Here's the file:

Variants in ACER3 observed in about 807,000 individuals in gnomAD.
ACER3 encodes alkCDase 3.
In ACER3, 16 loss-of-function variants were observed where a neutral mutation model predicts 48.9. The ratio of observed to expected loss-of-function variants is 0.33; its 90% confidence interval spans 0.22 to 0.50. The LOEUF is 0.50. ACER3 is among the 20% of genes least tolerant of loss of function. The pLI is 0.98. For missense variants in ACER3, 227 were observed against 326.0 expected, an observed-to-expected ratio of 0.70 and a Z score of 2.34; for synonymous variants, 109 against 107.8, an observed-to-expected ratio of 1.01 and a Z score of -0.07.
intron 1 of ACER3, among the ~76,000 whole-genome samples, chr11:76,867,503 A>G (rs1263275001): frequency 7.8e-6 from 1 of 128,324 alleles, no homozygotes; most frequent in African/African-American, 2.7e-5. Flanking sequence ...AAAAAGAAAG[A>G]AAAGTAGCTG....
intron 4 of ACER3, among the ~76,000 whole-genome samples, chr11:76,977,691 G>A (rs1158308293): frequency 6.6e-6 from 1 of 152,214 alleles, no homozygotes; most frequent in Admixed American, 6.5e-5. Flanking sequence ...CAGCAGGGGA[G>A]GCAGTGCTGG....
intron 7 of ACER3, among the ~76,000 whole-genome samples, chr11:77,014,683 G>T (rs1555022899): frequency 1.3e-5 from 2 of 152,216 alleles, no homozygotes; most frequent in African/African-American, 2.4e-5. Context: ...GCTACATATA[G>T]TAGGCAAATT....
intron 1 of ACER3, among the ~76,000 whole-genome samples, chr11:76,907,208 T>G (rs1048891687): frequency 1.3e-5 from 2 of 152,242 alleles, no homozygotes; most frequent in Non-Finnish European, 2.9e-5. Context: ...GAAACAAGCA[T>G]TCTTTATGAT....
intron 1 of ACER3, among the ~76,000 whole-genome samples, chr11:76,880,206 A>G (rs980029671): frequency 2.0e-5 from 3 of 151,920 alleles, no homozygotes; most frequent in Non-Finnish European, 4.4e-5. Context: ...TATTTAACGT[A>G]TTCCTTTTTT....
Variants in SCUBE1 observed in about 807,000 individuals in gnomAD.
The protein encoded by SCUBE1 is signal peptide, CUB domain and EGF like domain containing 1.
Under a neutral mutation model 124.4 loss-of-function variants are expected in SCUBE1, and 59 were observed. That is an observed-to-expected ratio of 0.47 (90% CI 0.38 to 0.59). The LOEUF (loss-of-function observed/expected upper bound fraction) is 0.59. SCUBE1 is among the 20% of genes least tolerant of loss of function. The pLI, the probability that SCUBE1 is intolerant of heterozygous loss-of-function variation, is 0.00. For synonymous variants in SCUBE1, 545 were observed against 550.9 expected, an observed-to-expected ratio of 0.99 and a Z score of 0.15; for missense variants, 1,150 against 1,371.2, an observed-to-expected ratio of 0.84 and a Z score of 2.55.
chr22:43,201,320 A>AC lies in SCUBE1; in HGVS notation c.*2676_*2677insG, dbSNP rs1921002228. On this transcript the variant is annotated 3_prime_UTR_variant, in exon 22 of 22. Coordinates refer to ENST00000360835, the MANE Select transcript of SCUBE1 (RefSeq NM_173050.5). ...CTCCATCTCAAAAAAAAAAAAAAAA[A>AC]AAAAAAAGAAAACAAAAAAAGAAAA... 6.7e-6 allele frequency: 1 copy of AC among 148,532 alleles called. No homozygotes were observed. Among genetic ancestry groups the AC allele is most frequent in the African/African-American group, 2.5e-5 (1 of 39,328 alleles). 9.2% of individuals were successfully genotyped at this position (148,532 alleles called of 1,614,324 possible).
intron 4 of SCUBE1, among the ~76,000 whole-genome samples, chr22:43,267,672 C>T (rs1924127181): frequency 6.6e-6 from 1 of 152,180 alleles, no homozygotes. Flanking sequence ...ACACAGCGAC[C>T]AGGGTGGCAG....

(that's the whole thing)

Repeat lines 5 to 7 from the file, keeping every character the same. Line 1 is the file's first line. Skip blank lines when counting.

intron 4 of ACER3, among the ~76,000 whole-genome samples, chr11:76,977,691 G>A (rs1158308293): frequency 6.6e-6 from 1 of 152,214 alleles, no homozygotes; most frequent in Admixed American, 6.5e-5. Flanking sequence ...CAGCAGGGGA[G>A]GCAGTGCTGG....
intron 7 of ACER3, among the ~76,000 whole-genome samples, chr11:77,014,683 G>T (rs1555022899): frequency 1.3e-5 from 2 of 152,216 alleles, no homozygotes; most frequent in African/African-American, 2.4e-5. Context: ...GCTACATATA[G>T]TAGGCAAATT....
intron 1 of ACER3, among the ~76,000 whole-genome samples, chr11:76,907,208 T>G (rs1048891687): frequency 1.3e-5 from 2 of 152,242 alleles, no homozygotes; most frequent in Non-Finnish European, 2.9e-5. Context: ...GAAACAAGCA[T>G]TCTTTATGAT....